The point, of course, is that just because something is ‘cultural’, does not make it right. In some cultures, it is accepted to stone women to death because they have allegedly committed adultery. That does not mean that it is OK – or that your company simply has to move on with ‘business as usual’ if human rights violations that are ‘cultural’ occur in your value chains. Luckily, there are these things called international norms, such as ILO conventions, the Universal Declaration of Human Rights and human rights instruments, that have been designed, approved, implemented by countries from all over the world. We do not have to depend on our own interpretation of what is right or wrong, or on ‘cultural differences’, to make clear what kind of behaviour we accept. We have international norms and guidelines – use them.

Good Reason #4: Our suppliers are the ones who need to change

This Good Reason goes something like this: ‘We are not exactly sure where the issues lie, and really, we think our suppliers should ensure proper wages are paid, no overtime takes place, and generally ensure sustainability risks are managed. The fact that our purchasing practices, business demands and/or consumption-based business model may be at the root of some or all of these problems, is really not up for discussion.’ A good solution to this conundrum is to increase demands on your suppliers through checklists, audits, and spot checks. This way, you further move the burden of managing sustainability risks to already overburdened and under-capacitated suppliers in developing countries. Without compensating them for the additional effort, of course – business is business, we are not a charity!

The uncomfortable truth is that it is exactly this behaviour that is leading to – or at least, exacerbating – sustainability risks in our value chains in the first place. Changing your own buying practices, contract management and building long-term relationships with suppliers has more promising effects on workers in your value chain than checking your supplier again, and again.

Good Reason #5: Our value chain is too complicated

This is a very Good Reason not to manage sustainability risks. After all, if we don’t know that there are any issues, we also do not need to act on them (again, a statement I heard recently). The fact is, of course, that supply chains are not complicated by necessity, but by design. A great way to keep a hold of this Good Reason is to ensure your supply chains are and stay increasingly complex. Top tip: regularly change suppliers, so you do not build long-term relationships but rather have price-based negotiations that make it easier to replace one supplier with another. Also, work with traders where you can – it is in their interest and business model to keep their cards close to their chest, when it comes to disclosing where they source from. This helps to keep your value chain opaque and to use this Good Reason whenever a question comes up.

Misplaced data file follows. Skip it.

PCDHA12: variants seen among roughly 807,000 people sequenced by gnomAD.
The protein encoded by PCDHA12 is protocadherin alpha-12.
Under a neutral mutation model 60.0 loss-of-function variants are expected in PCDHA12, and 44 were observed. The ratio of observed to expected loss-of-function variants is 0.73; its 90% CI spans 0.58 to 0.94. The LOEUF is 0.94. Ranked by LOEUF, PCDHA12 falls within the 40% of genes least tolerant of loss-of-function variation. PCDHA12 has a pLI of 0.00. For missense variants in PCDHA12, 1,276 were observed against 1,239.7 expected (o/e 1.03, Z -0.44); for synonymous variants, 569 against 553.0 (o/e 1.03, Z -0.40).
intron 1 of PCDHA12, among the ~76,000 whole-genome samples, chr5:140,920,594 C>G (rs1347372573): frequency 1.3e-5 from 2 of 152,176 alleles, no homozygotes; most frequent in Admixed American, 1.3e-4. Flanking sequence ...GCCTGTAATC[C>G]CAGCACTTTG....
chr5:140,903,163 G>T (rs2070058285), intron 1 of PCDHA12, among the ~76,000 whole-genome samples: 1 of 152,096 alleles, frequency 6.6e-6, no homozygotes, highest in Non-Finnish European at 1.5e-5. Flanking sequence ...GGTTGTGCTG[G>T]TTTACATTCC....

Alternatively, you could make conscious buying decisions that build stronger relationships with a selected group of dedicated suppliers, so you do not constantly need to switch. You could also change the way your company rewards buyers: including elements that go beyond the lowest price, but instead contribute to a healthier, shorter, stronger supply chain. You could ensure transparency by starting with trust. You could ensure trust by being vulnerable, open, and honest. You could – oh well. Give me a call if you want to talk about it.

As with everything else in this life that truly matters (raising a child, being a good partner to your spouse), doing business sustainably is not easy. It takes effort, patience, and openness. It is tough. You mess up, you get confronted with the impacts of your behaviour, you apologize and work to set things right together with those that are affected. And just like your spouse will not accept you hiding behind Good Reasons why you did not come home last night, neither are the five Good Reasons in this article acceptable arguments when you do business without considering sustainability.

Anne Manschot, senior sustainability consultant at Enact Sustainable Strategies. She supports clients in their due diligence journey and has specific expertise on business and human rights. She regularly writes opinion pieces.